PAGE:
1. Choose to get up before you go to sleep

You’re not very good at making decisions when you’ve just woken up. You were in the middle of a dream in which [insert celebrity crush of choice here] is serving you breakfast in bed only to be rudely awakened by the harsh tones of your alarm clock. You’re frustrated, angry, confused, and surprised. This is not the time to be making decisions about whether or not you should stay in bed! And yet, most of us leave the first decision of our day to be made in a blur of partial wakefulness.

No more! If you want to be a consistently early riser, try making your decision to rise at a specific time before you go to sleep the night before. This frees you from making the decision in the morning when you’ve just woken up. Instead of making a decision, you have only to follow through on your decision from the night before. Easier said than done? Of course. But only for the first few times. Eventually your need for raw willpower to get out of bed will diminish and you’ll be the proud parent of a new habit!

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Steve Pavlina suggests you practice getting out of bed during the day[1] to get a few of the “practice sessions” out of the way without the early morning fog in your head.

2. Have a plan for your extra time

Let’s say you’ve actually made it out of bed 2 hours before you normally would. Now what? What are you going to do with all this time you’ve discovered in your day? If you don’t have something planned to do with your extra time, you risk falling for the temptation of a “morning nap” that wipes out all the work you put into getting up.

What to do? Before you go to bed, make a quick note of what you’d like to get done during your extra hours the following day. Do you have a book to write, paper to read, or garage to clean? Make a plan for your early hours and you’ll do more than protect yourself from backsliding into bed. You’ll get things done and those results will fuel your desire to build rising early into a habit!

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3. Make rising early a social activity

While there’s obvious value in joining a Lifehack Challenge in order to get you started as an early riser, your internet buddies just don’t have enough pull to make your new habit stick in the long term. The same cannot be said for the people you spend time with as part of your early morning routine.

Sure, you could choose to read blogs for two hours every morning. But wouldn’t it be great to join an early breakfast club, running group, or play chess in the park at 5am? The more people you get involved in making your new habit a daily part of your life, the easier it’ll be to succeed.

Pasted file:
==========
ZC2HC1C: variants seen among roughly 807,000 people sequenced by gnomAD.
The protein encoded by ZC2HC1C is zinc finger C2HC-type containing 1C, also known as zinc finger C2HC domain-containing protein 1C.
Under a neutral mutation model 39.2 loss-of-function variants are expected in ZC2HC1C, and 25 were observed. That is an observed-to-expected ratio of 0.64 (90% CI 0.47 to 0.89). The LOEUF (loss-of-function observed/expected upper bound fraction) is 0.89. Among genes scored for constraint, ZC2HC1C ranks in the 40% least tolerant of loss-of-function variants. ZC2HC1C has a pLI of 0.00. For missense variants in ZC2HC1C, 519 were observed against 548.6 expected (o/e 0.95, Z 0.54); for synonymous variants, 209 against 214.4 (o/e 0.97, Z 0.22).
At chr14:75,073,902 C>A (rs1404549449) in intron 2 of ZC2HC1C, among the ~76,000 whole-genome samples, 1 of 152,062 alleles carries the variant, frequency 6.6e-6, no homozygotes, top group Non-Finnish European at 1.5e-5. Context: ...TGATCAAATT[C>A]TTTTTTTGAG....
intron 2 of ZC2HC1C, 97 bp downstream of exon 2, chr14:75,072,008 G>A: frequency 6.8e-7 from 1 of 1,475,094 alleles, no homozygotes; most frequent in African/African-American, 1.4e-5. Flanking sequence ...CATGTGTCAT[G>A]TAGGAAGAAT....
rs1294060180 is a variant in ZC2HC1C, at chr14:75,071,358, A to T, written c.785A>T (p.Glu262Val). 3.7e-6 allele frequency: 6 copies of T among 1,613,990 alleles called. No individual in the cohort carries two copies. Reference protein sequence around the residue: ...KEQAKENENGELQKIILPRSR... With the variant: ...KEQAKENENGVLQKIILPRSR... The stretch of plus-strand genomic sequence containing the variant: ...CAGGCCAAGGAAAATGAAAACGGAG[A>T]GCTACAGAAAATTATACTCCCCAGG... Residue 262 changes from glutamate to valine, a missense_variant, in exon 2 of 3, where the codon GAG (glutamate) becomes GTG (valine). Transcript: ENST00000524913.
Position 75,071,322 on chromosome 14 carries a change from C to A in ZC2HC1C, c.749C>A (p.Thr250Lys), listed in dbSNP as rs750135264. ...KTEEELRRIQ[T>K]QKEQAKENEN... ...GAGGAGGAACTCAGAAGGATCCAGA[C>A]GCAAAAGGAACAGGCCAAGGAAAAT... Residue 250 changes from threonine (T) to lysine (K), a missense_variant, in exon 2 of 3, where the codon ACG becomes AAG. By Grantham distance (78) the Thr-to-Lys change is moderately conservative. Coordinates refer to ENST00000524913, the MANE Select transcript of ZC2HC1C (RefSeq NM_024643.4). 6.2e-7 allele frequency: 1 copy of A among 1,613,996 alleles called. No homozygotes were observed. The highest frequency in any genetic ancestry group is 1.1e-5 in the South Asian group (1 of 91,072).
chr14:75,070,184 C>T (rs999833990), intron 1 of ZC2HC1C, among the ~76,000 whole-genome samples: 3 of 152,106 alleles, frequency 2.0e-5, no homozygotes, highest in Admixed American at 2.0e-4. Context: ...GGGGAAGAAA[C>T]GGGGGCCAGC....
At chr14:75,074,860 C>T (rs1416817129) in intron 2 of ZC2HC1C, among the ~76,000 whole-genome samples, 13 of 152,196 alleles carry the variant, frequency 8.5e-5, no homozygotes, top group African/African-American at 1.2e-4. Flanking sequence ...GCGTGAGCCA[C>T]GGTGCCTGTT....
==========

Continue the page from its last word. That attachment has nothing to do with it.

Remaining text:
4. Don’t use an alarm that makes you angry

If we’re all wired differently, why do we all insist on torturing ourselves with the same sort of alarm each morning? I spent years trying to wake up before my alarm went off so I wouldn’t have to hear it. I got pretty good, too. Then I started using a cellphone as my alarm clock and quickly realized that different ring tones irritated me less but worked just as well to wake me up. I now use the ring tone alarm as a back up for my bedside lamp plugged in to a timer.

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When the bright light doesn’t work, the cellphone picks up the slack and I wake up on time. The lesson learned? Experiment a bit and see what works best for you. Light, sound, smells, temperature, or even some contraption that dumps water on you might be more pleasant than your old alarm clock. Give something new a try!

5. Get your blood flowing right after waking

If you don’t have a neighbor you can pick fights with at 5am you’ll have to settle with a more mundane exercise. It doesn’t take much to get your blood flowing and chase the sleep from your head. Just pick something you don’t mind doing and go through the motions until your heart rate is up. Jumping rope, push-ups, crunches, or a few minutes of yoga are typically enough to do the trick. (Just don’t do anything your doctor hasn’t approved.)

If you live in a beautiful part of the world like me, you might want to use a bit of your early morning to go for a walk and enjoy the beauty of the world around you. If you have a coffee shop open within walking distance, dragging yourself out of bed for a cup of coffee to savor on your walk home as the world wakes around you is a wonderful experience. Try it!

More Resources for an Energetic Morning

Featured photo credit: Frank Vex via unsplash.com

Reference